In an effort to provide a more personalized Web experience, Mozilla Firefox will display recommended sites when new users open a tab over the coming weeks.
Earlier this year, Mozilla introduced a series of initiatives designed to enhance personalization on Firefox. Among them was the Directory Tiles program, which aims to improve the first-time user experience.
Here’s how it works: Previously, when new Firefox users opened a tab, they saw nine empty rectangles (tiles), as shown below:
But soon, through the Directory Tiles program, Mozilla will populate these nine tiles with suggested content, including content from across Mozilla properties, “popular websites in a given geographic location,” and “sponsored content” from select partners, which will be clearly labeled, according to Darren Herman, vice president of content services at Mozilla.
Herman’s statement caused quite a stir, with some users voicing concerns that if Mozilla presents sponsored content on Firefox, the browser will feature an influx of ads.
“That’s not going to happen. That’s not who we are at Mozilla,” says Johnathan Nightingale, vice president of Firefox, in a blog post.
However, according to Nightingale, in the coming weeks, Mozilla will test a mix of their own sites and other hand-picked sites on Firefox’s tab pages. The experiment will target first-time Firefox users because Mozilla doesn’t have any recommendations to make based on their online history.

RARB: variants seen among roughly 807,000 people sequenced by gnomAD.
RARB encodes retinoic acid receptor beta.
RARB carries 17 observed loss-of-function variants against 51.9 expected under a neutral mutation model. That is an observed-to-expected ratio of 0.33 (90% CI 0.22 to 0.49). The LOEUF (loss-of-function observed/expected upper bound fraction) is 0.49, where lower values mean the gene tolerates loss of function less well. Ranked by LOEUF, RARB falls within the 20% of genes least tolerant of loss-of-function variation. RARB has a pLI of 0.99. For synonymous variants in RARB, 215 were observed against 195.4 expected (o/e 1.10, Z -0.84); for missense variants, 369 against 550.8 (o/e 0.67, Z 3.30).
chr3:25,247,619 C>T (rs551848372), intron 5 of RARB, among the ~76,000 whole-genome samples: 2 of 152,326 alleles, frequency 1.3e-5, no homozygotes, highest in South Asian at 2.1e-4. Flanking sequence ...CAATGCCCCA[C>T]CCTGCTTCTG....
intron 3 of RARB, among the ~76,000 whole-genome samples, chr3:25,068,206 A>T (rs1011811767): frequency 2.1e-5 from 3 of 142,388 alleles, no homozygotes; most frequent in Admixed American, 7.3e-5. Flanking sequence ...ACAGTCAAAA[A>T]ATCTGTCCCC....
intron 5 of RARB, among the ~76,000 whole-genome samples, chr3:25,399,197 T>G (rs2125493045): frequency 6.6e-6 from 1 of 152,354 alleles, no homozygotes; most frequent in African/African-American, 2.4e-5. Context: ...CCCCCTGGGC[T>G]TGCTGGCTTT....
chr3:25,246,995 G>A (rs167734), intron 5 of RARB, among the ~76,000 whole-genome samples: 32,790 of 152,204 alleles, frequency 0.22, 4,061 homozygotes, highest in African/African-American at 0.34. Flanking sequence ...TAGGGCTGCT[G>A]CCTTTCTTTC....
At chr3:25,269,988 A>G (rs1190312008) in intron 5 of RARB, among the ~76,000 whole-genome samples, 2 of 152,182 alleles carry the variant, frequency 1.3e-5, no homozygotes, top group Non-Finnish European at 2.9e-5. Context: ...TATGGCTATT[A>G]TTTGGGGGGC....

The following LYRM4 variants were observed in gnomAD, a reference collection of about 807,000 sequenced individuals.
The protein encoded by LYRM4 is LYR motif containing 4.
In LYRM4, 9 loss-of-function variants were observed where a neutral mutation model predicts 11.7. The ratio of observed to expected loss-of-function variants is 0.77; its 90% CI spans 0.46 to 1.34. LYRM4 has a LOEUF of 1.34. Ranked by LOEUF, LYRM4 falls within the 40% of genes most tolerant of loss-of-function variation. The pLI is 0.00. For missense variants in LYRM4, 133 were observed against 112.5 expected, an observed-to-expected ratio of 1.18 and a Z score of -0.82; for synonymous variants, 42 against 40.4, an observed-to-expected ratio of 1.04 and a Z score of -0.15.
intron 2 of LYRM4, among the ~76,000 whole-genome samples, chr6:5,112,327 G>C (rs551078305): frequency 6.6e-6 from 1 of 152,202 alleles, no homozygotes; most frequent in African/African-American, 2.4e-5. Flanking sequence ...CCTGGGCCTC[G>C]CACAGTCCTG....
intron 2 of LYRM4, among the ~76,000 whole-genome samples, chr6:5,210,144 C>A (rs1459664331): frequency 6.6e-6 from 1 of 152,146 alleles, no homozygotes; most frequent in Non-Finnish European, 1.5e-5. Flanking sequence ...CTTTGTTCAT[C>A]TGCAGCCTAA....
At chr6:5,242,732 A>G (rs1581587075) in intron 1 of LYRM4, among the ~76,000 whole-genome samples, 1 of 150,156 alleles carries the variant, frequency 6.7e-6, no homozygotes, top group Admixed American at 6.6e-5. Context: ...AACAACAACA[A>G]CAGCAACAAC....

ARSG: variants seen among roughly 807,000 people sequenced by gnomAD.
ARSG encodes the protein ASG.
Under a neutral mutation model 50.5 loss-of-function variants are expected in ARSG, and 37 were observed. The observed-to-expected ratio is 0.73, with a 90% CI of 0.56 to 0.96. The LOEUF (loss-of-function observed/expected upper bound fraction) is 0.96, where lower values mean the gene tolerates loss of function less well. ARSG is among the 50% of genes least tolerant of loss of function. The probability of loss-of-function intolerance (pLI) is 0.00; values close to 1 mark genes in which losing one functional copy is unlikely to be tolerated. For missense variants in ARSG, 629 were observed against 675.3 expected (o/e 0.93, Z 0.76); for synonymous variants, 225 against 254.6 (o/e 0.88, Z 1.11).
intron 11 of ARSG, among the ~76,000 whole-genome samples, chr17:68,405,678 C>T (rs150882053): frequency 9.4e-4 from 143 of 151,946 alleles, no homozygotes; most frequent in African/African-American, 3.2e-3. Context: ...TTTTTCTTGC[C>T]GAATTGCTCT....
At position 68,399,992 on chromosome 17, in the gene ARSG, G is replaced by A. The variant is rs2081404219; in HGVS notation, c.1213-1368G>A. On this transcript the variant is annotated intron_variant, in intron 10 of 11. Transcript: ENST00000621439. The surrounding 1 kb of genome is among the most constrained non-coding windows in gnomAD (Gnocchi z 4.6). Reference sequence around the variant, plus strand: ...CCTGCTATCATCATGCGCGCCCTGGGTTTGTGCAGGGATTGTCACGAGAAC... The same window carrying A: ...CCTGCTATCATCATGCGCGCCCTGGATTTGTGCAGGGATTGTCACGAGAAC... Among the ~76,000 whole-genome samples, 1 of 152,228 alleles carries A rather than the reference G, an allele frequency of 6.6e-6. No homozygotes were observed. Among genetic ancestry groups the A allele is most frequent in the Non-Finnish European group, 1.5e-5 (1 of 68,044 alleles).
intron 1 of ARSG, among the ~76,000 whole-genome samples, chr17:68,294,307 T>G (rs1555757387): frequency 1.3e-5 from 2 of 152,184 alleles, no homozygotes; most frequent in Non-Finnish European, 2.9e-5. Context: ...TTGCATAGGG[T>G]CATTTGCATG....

But he points out that the current tests are purely to get users’ feedback and revenue is not the first priority.
“These tests are not about revenue and none will be collected,” says Nightingale. “Sponsorship would be the next stage once we are confident that we can deliver user value.”
The entire product roadmap was not disclosed. However, as Nightingale indicates, it’s only a matter of time before Mozilla builds the sponsored content, or ads, into the Firefox browser. Moving forward, will the introduction of ads clash with Mozilla’s mission to remain a nonprofit organization that promotes openness on the Internet? Keep it bookmarked.
Homepage image via Shutterstock.
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